Liberty Matters

Institutions, Spontaneous Order, and Liberalism

The ongoing discussion has highlighted the importance of institutions in ensuring that societies can overcome the division of knowledge that characterizes all human social life. This was the context of Hayek's concern in the 1930s and 40s with the question of how markets, and particularly the price system, enabled us to make use of the dispersed, contextual, and tacit knowledge of other human actors.
What Hayek's work more generally did was to give the long-standing case for liberalism the epistemic emphasis that is at the center of our discussion. In many ways, Hayek was building on the contributions of prior liberal thinkers. In particular, as I have argued elsewhere (Horwitz 2001), Adam Smith in the 18th century and Carl Menger in the 19th century are properly seen as the precursors to Hayek's 20th-century epistemic liberalism. It was Smith who gave us the first real glimpse of the market as a spontaneous order. It was Menger who not only expanded on the idea of spontaneous order, but refined our understanding of how the market operated through his value theory and microeconomics more generally.
Menger and the later economists of the Austrian school, such as Mises and Hayek, provided us with a more complete understanding of the way in which monetary calculation, the price system, and profit and loss enable humans with fragmentary knowledge to figure out how best to allocate resources and thereby channel self-interest into social cooperation. However, for that process to work, it is necessary to have the right institutional framework in place. Even Smith's invisible hand will not turn self-interest into social benefit without the right institutions. For example, where person and property are not protected, it is all too easy for self-interest to take the form of plunder, which provides no benefits for others.
The complication is that we normally cannot know ahead of time at any real level of detail what sorts of institutional arrangements will best facilitate the progress-enhancing spontaneous order of markets. As Menger recognized, many of the institutions that perform this function are themselves the product of unplanned social evolution. He (1985 [1883], 146) framed this as a question, which is often now termed the "Mengerian Question:" "How can it be that institutions which serve the common welfare and are extremely significant for its development come into being without a common will directed toward establishing them?" His answer was his own work explicating the operation of spontaneous orders, with his theory of money being the model for such explanations.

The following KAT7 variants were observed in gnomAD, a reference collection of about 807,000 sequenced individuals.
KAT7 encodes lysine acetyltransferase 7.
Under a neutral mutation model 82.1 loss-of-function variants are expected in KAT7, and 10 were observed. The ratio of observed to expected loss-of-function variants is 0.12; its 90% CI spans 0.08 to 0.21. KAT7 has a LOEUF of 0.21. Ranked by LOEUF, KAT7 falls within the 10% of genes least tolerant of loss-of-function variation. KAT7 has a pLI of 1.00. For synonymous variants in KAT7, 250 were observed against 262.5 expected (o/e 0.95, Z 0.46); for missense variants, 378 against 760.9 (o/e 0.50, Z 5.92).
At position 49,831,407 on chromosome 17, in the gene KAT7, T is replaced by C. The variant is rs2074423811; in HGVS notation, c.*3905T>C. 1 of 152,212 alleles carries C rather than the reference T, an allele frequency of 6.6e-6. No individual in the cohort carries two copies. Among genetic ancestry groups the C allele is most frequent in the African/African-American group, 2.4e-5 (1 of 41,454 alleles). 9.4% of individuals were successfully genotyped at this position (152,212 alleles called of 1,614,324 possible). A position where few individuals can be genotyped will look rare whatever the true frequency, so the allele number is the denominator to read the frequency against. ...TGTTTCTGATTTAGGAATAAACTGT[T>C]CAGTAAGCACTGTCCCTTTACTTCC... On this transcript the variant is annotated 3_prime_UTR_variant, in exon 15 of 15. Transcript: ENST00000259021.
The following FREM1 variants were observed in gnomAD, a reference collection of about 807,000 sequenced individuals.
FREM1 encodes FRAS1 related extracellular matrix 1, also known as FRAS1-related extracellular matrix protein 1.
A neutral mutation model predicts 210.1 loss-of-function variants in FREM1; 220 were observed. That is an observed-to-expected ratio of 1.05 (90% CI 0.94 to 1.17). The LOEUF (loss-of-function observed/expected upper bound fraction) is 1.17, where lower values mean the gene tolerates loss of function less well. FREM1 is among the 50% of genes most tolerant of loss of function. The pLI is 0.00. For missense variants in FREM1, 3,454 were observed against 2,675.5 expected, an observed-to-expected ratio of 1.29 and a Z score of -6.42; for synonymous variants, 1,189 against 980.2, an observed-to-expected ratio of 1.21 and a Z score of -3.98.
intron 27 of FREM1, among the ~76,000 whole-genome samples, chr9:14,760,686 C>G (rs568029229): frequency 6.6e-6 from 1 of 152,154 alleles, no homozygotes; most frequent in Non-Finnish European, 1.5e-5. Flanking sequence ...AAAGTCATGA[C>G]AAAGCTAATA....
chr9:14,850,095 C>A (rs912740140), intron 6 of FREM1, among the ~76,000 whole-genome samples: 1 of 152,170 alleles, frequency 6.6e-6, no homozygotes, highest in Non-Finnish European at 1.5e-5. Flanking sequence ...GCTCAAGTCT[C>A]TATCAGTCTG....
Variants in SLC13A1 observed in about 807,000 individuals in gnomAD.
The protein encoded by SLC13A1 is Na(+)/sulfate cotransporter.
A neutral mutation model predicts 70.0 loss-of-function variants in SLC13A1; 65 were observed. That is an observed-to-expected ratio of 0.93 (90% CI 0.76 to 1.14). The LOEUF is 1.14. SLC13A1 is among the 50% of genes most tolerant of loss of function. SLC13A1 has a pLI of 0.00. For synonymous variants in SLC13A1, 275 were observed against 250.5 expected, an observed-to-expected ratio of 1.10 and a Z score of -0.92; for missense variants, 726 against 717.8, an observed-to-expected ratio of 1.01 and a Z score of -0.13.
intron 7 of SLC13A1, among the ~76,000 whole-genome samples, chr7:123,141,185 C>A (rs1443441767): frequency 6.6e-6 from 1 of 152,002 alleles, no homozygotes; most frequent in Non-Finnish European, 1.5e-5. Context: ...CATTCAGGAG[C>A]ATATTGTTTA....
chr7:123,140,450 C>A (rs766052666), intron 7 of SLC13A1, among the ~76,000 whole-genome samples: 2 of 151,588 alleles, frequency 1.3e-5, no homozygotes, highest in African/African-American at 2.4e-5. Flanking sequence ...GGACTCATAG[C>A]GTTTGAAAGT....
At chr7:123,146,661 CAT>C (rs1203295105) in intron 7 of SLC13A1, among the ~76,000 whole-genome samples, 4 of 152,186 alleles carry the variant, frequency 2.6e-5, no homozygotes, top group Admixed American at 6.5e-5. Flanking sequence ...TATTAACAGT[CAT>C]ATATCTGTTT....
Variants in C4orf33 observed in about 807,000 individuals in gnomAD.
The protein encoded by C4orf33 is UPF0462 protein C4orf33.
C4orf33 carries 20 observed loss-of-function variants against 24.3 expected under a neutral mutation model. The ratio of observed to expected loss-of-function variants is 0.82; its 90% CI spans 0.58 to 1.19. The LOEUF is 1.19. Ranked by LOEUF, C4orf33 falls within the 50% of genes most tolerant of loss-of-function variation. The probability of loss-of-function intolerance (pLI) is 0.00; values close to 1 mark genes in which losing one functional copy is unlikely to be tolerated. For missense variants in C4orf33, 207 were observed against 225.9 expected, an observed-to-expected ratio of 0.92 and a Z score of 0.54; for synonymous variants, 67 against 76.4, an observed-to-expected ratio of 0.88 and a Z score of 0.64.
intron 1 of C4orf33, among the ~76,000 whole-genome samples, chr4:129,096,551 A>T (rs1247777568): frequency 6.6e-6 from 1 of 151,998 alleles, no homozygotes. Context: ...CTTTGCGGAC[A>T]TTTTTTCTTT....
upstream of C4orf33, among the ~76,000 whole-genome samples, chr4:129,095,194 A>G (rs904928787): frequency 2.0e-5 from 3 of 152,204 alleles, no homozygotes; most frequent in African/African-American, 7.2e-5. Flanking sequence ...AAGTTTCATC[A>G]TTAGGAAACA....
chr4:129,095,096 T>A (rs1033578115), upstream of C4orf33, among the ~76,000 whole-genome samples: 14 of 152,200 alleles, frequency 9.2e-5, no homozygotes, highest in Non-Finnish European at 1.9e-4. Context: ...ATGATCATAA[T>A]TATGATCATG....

Menger's understanding of spontaneous-order processes in a variety of social institutions, along with Hayek's addition of the importance of knowledge, give us powerful reasons to think that spontaneously evolved institutions will be more effective than ones created from the top down. Combining these insights with the Austrian work on how the price system and other social institutions provide the feedback required for successful social coordination, we have a way of talking about the kind of comparative institutional analysis that has also been at the center of our discussions. We might summarize this perspective with a 21st-century version of the Mengerian Question:
How well do spontaneously evolved social, political, and economic institutions provide people with the knowledge and incentives they require to know that they have made mistakes and guide them on how to correct those mistakes, and can any other feasible institutions do any better?
It seems to me that is the question at the center of comparative political economy and that Hayek answers with his epistemic understanding of the virtues of liberal institutions.
Horwitz, Steven. 2001. "From Smith to Menger to Hayek: Liberalism in the Spontaneous Order Tradition," The Independent Review, 6 (1), Summer: pp 81-97.
Menger, Carl. 1985 [1883].  Investigations into the Method of the Social Sciences with Special Reference to Economics, New York:  New York University Press.